Our Vet Dr. Fulop talks about Cat Scratch Fever
What am I talking about you may ask? Human Bartonellosis or Cat Scratch Fever. This is actually a disease of humans, not cats.
Human doctors have been taught this is nothing to worry about, it will go away on its own. This is true in most cases but people that are immunosuppressed (have a weakened immune system) can develop a more serious form of the illness.
Bartonella is the microorganism responsible for this disease, particularly B. henselae. Cats are carriers of Bartonella, and there usually is a cat scratch involved, hence the name – Cat Scratch Fever. It is believed that about 40% of cats carry this particular bacterium at some point in their lives and kittens are more likely to spread this bacterium to people. It’s hard to tell which cats carry this because they show no signs of illness.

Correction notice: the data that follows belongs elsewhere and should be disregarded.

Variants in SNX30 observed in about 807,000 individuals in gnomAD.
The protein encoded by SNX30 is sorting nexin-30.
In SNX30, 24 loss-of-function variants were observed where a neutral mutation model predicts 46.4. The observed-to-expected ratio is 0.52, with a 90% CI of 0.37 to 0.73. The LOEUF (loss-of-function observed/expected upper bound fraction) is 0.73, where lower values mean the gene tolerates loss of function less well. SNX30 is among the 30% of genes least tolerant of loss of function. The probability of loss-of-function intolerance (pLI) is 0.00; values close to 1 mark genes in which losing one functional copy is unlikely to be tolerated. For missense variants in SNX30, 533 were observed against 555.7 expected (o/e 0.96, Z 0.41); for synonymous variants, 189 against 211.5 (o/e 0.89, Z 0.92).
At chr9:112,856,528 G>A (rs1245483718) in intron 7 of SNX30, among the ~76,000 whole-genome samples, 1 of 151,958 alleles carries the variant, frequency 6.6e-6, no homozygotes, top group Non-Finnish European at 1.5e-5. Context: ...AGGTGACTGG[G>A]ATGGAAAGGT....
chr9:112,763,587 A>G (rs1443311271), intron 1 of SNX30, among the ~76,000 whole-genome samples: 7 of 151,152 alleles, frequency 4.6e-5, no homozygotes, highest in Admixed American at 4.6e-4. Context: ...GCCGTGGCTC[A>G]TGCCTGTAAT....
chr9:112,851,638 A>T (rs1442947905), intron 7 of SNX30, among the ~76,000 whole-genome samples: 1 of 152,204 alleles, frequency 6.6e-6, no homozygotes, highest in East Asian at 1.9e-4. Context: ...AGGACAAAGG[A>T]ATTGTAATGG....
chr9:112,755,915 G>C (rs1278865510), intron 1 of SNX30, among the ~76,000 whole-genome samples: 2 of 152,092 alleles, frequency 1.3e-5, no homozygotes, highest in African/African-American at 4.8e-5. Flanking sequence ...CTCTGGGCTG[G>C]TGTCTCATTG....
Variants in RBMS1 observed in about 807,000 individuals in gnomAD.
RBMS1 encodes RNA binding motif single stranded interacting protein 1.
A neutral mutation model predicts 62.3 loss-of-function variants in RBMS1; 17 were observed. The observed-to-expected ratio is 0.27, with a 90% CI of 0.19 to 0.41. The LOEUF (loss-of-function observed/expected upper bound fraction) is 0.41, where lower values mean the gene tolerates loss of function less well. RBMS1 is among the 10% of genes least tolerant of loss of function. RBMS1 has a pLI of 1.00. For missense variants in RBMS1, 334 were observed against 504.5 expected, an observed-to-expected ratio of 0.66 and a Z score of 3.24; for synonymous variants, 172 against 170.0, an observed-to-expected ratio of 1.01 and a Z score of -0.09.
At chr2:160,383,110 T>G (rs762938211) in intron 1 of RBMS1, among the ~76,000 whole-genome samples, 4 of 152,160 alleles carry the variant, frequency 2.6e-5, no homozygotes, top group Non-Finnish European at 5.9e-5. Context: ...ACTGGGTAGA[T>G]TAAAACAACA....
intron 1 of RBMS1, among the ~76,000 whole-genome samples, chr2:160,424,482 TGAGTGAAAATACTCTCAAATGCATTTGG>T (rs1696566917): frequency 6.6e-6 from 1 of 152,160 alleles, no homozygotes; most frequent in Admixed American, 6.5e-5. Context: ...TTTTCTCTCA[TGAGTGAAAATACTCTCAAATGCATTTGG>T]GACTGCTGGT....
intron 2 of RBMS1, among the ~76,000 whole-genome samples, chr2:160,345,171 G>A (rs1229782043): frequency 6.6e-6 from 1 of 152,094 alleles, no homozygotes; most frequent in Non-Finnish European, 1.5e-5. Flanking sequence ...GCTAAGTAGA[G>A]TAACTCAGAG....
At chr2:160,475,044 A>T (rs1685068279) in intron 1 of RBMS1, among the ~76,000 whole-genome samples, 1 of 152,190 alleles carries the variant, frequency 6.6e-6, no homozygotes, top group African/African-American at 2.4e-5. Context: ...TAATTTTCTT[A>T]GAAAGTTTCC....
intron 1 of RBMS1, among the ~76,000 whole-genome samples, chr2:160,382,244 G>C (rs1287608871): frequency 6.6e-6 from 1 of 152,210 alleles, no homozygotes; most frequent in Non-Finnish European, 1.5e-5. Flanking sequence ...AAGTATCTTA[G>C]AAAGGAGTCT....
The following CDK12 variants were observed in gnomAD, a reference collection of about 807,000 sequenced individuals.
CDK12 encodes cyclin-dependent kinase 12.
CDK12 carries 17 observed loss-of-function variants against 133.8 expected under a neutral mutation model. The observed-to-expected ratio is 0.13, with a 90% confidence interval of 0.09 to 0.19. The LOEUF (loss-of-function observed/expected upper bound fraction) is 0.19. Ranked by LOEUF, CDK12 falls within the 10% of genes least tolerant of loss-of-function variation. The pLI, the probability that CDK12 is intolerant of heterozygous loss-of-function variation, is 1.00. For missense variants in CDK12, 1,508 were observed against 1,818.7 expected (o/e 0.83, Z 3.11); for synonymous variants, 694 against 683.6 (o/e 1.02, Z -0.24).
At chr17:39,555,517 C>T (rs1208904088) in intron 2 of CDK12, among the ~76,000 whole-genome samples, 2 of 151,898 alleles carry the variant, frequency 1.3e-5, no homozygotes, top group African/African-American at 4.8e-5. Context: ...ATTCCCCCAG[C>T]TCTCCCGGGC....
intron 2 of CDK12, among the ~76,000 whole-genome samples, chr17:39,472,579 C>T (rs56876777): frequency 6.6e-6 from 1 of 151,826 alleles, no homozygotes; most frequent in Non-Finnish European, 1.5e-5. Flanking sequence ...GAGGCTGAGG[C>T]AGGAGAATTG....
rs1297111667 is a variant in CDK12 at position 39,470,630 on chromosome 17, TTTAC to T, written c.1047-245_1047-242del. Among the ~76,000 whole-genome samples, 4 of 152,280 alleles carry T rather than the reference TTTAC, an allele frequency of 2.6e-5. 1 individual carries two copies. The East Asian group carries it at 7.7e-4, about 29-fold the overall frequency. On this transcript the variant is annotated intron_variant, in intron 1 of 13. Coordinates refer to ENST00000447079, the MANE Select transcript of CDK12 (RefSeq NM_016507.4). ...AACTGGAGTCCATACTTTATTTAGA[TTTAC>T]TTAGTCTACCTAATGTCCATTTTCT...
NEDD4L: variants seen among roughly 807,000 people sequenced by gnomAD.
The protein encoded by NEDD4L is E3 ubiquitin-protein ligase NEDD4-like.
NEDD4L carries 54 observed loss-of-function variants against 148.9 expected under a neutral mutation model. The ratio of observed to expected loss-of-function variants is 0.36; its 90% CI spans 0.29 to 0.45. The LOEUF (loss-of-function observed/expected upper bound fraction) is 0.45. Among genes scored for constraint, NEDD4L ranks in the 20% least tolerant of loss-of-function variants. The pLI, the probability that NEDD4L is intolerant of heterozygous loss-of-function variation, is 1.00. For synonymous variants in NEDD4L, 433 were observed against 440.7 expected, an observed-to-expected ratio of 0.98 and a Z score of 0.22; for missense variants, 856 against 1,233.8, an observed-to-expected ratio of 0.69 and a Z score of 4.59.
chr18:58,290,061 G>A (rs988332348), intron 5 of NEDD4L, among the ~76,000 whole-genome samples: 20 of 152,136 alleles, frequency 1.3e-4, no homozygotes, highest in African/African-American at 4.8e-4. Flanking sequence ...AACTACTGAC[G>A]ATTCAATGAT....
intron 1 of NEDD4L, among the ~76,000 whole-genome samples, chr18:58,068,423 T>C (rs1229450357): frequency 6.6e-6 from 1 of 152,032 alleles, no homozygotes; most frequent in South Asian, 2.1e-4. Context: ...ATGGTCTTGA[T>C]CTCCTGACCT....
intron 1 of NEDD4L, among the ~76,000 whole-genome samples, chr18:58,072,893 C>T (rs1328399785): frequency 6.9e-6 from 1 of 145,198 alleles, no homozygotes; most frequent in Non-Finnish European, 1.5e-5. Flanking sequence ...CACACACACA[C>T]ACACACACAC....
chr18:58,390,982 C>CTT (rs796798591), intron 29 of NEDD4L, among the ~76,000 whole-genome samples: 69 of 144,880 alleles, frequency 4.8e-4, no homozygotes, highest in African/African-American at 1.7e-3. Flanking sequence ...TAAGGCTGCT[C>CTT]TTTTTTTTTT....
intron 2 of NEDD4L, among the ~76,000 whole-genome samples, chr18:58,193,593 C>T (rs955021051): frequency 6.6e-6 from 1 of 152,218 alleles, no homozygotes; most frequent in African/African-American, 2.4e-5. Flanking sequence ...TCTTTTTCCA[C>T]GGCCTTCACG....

The name is actually not accurate because some people with this infection have no history of contact with a cat, a cat scratch or bite! Guess what else can pass this on? I’ll give you hint – they bite too and they are annoying little pests. If you guessed a flea, you are right! The flea feeds off an infected cat, picks up the bacterium then feeds off another cat. The infected flea then leaves its excrement on the cat (flea dirt) and it’s the dirt that comes into contact with people and causes disease. There is no evidence as of yet stating that a person bitten by an infected flea will come down with Cat Scratch Fever.
There is a blood test that your doctor can do to determine if this is causing your unwellness. There are 2 ways of minimizing your chances of coming down with Cat Sratch Fever: 1. keep your cat’s nails short and 2. consider year round flea prevention.
Source: LifeLearn, Inc